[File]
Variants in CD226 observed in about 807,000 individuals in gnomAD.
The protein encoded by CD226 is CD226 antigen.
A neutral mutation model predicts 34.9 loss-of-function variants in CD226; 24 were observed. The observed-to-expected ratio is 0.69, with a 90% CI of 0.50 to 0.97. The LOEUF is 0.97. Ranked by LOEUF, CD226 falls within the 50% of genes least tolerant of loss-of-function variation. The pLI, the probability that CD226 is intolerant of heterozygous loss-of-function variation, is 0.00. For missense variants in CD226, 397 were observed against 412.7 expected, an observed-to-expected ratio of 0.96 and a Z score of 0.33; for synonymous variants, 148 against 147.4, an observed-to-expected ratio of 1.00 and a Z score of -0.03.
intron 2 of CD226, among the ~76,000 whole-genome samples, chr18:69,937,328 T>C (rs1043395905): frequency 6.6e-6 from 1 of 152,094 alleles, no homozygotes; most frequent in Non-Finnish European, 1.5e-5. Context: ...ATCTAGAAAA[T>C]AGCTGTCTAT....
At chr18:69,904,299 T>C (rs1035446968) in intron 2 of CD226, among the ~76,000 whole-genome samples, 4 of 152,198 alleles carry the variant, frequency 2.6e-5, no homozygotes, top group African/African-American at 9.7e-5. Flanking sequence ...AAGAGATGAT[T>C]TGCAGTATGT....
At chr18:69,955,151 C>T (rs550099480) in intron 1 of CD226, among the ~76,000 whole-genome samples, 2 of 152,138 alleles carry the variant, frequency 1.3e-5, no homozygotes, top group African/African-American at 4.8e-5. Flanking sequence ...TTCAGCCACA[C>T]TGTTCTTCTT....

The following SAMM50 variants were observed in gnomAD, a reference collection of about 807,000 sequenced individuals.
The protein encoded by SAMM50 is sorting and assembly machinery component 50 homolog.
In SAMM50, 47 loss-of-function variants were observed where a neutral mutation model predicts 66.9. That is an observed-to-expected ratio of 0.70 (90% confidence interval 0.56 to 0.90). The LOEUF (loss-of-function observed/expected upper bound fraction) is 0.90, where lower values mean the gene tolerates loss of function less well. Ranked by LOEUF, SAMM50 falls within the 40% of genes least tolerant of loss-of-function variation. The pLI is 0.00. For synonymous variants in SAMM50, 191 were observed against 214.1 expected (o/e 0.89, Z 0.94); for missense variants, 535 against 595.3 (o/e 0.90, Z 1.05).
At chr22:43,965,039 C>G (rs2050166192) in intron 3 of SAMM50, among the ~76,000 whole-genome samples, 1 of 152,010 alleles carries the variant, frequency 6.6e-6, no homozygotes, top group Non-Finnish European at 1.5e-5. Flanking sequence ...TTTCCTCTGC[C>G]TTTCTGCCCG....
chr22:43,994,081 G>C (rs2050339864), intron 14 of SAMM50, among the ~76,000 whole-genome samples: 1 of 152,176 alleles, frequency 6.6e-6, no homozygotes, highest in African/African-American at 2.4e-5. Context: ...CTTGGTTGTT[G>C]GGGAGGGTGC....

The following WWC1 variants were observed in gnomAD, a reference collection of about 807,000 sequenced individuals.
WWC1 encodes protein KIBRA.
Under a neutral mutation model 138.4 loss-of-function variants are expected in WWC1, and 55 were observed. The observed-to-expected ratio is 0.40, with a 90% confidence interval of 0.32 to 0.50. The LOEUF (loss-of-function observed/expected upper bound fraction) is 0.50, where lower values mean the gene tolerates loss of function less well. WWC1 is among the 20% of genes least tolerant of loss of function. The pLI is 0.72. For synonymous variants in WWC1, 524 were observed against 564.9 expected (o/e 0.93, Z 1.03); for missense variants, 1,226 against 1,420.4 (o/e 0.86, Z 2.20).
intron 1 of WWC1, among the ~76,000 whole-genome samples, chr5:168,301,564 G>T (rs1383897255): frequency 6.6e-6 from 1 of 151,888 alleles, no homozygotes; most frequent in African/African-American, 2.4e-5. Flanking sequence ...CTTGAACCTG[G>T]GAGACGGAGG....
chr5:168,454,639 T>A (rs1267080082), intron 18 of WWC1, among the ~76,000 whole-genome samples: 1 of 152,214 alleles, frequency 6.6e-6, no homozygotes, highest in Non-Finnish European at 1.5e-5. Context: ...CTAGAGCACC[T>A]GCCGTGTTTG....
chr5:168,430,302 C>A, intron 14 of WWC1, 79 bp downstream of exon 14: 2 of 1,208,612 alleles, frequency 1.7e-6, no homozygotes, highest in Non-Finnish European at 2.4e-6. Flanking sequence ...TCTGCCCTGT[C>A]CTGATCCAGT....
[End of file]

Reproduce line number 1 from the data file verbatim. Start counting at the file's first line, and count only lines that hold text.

Variants in CD226 observed in about 807,000 individuals in gnomAD.